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Joey Votto undergoes “minor procedure” after setback with surgically-repaired knee

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The Reds were originally hoping that Joey Votto would only have to miss three to four weeks following surgery on July 17 to repair a torn medial meniscus in his left knee, but that won’t be the case.

According to Tom Groeschen of the Cincinnati Enquirer, returned to Cincinnati last night and had a “minor procedure” to have a piece of floating cartilage removed from his knee. He’ll need another 7-10 days of recovery time, which could put him at risk for missing all of August.

Votto experienced some soreness in the knee during sliding drills as recently as Thursday and told John Fay of the Cincinnati Enquirer that he wasn’t “ready to play yet.” The floating cartilage was found after he was sent for an MRI.

Votto, 28, is batting .342/.465/.604 with 14 home runs, 49 RBI and a 1.069 OPS in 86 games played this season. The Reds managed a 10-game winning streak during his absence, but dropped five in a row before yesterday’s win over the Cubs. They enter today’s action at 67-46, 3 1/2 games in front of the Pirates in the National League Central.

Multiple Miami Marlins passed on joining Jose Fernandez on that boat

JUPITER, FL - FEBRUARY 24: Pitcher Jose Fernandez of the Miami Marlins poses for photos on media day at Roger Dean Stadium on February 24, 2016 in Jupiter, Florida. (Photo by Marc Serota/Getty Images)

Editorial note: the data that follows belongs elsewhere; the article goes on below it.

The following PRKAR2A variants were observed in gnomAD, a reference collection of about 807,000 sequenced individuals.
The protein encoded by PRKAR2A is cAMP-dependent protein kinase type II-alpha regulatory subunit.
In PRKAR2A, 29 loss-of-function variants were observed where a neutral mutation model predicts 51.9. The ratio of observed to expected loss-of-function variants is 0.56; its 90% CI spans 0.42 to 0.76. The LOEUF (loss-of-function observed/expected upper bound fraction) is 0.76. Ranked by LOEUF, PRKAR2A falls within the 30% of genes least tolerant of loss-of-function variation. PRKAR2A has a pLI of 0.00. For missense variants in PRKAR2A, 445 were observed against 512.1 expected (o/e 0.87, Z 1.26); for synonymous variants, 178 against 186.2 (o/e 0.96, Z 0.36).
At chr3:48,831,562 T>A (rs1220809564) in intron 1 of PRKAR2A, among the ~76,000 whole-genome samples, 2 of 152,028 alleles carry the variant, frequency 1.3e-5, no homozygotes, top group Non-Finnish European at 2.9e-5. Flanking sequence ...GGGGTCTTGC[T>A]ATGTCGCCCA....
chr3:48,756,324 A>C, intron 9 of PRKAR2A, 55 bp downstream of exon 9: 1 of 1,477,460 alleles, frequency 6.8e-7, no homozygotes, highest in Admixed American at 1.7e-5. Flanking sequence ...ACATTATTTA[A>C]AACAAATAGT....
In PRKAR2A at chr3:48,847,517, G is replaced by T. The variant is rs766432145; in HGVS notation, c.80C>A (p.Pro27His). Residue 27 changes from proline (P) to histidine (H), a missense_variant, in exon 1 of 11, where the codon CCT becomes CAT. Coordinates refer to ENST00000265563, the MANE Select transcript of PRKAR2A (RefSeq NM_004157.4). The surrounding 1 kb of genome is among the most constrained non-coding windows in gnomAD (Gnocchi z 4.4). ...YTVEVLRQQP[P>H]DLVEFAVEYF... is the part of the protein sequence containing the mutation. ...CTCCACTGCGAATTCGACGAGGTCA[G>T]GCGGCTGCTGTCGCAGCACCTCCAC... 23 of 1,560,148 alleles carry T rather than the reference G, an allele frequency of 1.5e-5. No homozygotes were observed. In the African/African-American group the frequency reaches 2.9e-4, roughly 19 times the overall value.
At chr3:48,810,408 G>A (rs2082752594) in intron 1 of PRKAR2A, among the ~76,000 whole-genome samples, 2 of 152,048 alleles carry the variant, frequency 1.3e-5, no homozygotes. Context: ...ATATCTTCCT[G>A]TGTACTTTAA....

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A brutal couple of updates on the night of Jose Fernandez’s death from Jeff Passan of Yahoo and from Andre Fernandez of the Miami Herald.

Passan reports on the leadup to the fateful boat trip. About how a friend of one of the other men killed on the boat had pleaded with him not to go out in the dark. Then there’s this:

After Saturday’s game, Fernandez had asked a number of teammates to join him on the boat. One by one, they declined.

Marcell Ozuna was one of them. Andre Fernandez of the Miami Herald reports:

Following Monday’s game, Ozuna said he turned down an invitation from Fernandez after Saturday night’s game to go out with him and join him for a spin on his boat . . . “That night I told him, ‘Don’t go out,’” Ozuna said. “Everybody knew he was crazy about that boat and loved being out on the water. I told him I couldn’t go out that night because I had the kids and my wife waiting for me.

Losing a friend and teammate under such circumstances is brutal enough. Adding on survivor’s guilt would be close to impossible to bear.

David Ortiz: “I was born to play against the Yankees”

BOSTON, MA - APRIL 29:  David Ortiz  #34 of the Boston Red Sox celebrates after hitting a two-run home run in the eighth inning during the game against the New York Yankees at Fenway Park on April 29, 2016 in Boston, Massachusetts.  (Photo by Adam Glanzman/Getty Images)
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David Ortiz has used Derek Jeter’s Player’s Tribune as his personal podium all year as he says goodbye to the Major Leagues. He continues that today, on the eve of his final series against the Yankees.

In it Ortiz talks about what playing the Yankees meant to him over the course of his career. About how the fan hate was real but something he embraced. About how the series back in the days of Jeter and Pettitte and Mariano and Mussina were “wars.” He also talks about how the Yankees were basically everything when he was growing up in the Dominican Republic. The only caps and shirts you saw were Yankees shirts and how they were about the only team you could see on TV there. As such, coming to Boston and then playing against the Yankees was a big, big deal.

Ortiz says “[s]ome players are born to be Yankees, you know what I’m saying? I was born to play against the Yankees.”

And he’ll get to do it only three more times.